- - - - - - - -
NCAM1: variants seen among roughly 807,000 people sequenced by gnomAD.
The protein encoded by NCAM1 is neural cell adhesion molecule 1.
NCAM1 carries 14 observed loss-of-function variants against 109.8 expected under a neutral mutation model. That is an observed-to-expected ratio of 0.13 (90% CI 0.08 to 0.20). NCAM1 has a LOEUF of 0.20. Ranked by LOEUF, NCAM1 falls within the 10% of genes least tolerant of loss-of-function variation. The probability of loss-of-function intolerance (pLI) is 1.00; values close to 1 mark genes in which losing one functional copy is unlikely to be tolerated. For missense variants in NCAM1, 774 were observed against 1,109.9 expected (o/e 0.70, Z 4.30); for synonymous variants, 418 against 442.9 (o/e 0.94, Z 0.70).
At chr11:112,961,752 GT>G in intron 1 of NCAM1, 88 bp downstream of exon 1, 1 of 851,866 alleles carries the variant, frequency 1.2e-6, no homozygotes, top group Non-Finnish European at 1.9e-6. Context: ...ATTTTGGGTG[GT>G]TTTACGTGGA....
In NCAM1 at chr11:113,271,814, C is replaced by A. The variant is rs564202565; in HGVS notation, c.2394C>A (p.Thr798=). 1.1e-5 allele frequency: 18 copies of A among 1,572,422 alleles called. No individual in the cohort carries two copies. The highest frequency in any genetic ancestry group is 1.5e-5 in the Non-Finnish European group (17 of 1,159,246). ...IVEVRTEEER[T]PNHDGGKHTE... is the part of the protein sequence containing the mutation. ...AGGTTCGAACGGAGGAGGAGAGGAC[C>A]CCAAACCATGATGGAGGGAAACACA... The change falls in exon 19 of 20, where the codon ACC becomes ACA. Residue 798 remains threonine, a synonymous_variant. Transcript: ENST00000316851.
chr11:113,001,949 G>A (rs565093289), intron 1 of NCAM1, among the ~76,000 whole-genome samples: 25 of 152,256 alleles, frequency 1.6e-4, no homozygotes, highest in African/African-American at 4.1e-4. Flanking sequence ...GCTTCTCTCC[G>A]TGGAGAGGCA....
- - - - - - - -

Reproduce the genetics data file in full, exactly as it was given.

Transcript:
NCAM1: variants seen among roughly 807,000 people sequenced by gnomAD.
The protein encoded by NCAM1 is neural cell adhesion molecule 1.
NCAM1 carries 14 observed loss-of-function variants against 109.8 expected under a neutral mutation model. That is an observed-to-expected ratio of 0.13 (90% CI 0.08 to 0.20). NCAM1 has a LOEUF of 0.20. Ranked by LOEUF, NCAM1 falls within the 10% of genes least tolerant of loss-of-function variation. The probability of loss-of-function intolerance (pLI) is 1.00; values close to 1 mark genes in which losing one functional copy is unlikely to be tolerated. For missense variants in NCAM1, 774 were observed against 1,109.9 expected (o/e 0.70, Z 4.30); for synonymous variants, 418 against 442.9 (o/e 0.94, Z 0.70).
At chr11:112,961,752 GT>G in intron 1 of NCAM1, 88 bp downstream of exon 1, 1 of 851,866 alleles carries the variant, frequency 1.2e-6, no homozygotes, top group Non-Finnish European at 1.9e-6. Context: ...ATTTTGGGTG[GT>G]TTTACGTGGA....
In NCAM1 at chr11:113,271,814, C is replaced by A. The variant is rs564202565; in HGVS notation, c.2394C>A (p.Thr798=). 1.1e-5 allele frequency: 18 copies of A among 1,572,422 alleles called. No individual in the cohort carries two copies. The highest frequency in any genetic ancestry group is 1.5e-5 in the Non-Finnish European group (17 of 1,159,246). ...IVEVRTEEER[T]PNHDGGKHTE... is the part of the protein sequence containing the mutation. ...AGGTTCGAACGGAGGAGGAGAGGAC[C>A]CCAAACCATGATGGAGGGAAACACA... The change falls in exon 19 of 20, where the codon ACC becomes ACA. Residue 798 remains threonine, a synonymous_variant. Transcript: ENST00000316851.
chr11:113,001,949 G>A (rs565093289), intron 1 of NCAM1, among the ~76,000 whole-genome samples: 25 of 152,256 alleles, frequency 1.6e-4, no homozygotes, highest in African/African-American at 4.1e-4. Flanking sequence ...GCTTCTCTCC[G>A]TGGAGAGGCA....